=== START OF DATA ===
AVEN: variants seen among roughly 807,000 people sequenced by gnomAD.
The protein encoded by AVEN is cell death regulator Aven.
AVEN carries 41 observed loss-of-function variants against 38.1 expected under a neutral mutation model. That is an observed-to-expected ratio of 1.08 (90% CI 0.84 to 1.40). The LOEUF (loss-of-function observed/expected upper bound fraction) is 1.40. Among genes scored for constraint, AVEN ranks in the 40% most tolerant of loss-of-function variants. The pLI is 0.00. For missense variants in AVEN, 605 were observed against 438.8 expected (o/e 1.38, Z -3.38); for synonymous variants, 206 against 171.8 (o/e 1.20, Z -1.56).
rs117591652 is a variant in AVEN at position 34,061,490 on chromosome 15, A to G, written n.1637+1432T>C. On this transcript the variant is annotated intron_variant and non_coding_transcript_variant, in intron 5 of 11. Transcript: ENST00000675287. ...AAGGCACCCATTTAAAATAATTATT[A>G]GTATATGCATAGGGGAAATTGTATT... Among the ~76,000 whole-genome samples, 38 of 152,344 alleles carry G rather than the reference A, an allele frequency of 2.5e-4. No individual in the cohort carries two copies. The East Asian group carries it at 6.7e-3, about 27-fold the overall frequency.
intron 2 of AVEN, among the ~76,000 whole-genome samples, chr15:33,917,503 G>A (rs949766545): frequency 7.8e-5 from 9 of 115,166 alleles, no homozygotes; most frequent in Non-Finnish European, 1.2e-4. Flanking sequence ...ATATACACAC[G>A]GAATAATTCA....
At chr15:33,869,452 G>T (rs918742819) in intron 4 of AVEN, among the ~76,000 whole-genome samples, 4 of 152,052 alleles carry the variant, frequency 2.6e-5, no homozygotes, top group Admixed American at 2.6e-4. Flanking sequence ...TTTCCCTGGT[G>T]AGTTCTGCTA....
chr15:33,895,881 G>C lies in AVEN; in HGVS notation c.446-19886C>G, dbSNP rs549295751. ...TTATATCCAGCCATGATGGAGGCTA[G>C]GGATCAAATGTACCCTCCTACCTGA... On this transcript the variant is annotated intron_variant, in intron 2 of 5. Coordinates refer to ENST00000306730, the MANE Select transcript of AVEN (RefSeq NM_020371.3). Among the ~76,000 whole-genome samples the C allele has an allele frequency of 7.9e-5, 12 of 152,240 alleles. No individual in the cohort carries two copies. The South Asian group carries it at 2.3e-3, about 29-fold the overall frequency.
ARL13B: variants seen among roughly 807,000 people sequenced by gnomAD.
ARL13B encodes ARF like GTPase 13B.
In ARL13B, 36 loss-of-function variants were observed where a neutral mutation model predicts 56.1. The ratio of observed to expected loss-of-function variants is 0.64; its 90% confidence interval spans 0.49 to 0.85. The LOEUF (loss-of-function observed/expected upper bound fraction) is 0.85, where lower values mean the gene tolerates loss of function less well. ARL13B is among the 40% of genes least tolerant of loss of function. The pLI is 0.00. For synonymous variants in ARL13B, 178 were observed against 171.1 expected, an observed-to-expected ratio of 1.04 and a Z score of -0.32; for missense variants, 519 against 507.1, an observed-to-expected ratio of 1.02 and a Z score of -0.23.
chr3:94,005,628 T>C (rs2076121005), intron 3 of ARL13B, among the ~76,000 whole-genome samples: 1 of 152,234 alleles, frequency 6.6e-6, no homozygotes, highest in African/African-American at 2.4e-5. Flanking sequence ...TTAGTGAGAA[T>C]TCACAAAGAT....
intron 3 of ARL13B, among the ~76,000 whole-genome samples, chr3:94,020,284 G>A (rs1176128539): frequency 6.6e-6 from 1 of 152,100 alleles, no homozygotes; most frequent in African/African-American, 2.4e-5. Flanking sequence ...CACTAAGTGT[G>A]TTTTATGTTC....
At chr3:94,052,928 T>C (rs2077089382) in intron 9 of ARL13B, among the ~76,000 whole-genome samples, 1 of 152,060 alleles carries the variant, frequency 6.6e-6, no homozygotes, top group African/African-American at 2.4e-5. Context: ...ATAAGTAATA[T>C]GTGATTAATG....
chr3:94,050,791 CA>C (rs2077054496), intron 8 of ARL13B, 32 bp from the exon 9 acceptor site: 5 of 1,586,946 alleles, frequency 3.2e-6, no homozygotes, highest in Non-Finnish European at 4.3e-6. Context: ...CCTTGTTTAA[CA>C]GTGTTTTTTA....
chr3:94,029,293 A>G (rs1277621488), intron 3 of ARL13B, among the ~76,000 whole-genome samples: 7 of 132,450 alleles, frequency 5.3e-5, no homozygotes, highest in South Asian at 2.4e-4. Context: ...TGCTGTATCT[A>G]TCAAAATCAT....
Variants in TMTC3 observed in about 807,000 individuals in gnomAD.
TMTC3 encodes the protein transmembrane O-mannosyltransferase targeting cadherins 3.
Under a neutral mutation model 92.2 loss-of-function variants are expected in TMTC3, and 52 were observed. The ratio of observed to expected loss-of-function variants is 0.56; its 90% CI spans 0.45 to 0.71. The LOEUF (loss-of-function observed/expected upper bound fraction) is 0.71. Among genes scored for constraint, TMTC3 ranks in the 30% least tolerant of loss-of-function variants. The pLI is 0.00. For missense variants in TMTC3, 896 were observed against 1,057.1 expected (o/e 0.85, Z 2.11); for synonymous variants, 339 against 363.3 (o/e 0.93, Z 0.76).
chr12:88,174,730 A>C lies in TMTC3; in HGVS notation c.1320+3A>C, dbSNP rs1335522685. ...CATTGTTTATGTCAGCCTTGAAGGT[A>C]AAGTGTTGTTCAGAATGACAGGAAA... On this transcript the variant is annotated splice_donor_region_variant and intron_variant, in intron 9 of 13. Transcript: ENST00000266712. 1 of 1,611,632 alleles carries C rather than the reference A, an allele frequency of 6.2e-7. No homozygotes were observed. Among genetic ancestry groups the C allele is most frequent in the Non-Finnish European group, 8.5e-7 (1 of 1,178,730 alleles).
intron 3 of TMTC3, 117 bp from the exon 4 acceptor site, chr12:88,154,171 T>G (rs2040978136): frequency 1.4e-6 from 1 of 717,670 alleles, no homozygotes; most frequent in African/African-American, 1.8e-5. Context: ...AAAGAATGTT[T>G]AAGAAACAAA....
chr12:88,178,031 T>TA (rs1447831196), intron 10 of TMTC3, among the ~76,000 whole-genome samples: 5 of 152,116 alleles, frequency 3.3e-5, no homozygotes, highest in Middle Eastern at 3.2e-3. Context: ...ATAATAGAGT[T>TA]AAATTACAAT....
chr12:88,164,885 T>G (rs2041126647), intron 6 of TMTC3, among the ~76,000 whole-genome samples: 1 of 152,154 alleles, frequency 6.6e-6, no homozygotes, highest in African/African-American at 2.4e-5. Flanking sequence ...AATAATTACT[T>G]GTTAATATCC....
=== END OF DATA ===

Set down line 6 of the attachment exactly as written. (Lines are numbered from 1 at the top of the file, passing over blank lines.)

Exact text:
At chr15:33,869,452 G>T (rs918742819) in intron 4 of AVEN, among the ~76,000 whole-genome samples, 4 of 152,052 alleles carry the variant, frequency 2.6e-5, no homozygotes, top group Admixed American at 2.6e-4. Flanking sequence ...TTTCCCTGGT[G>T]AGTTCTGCTA....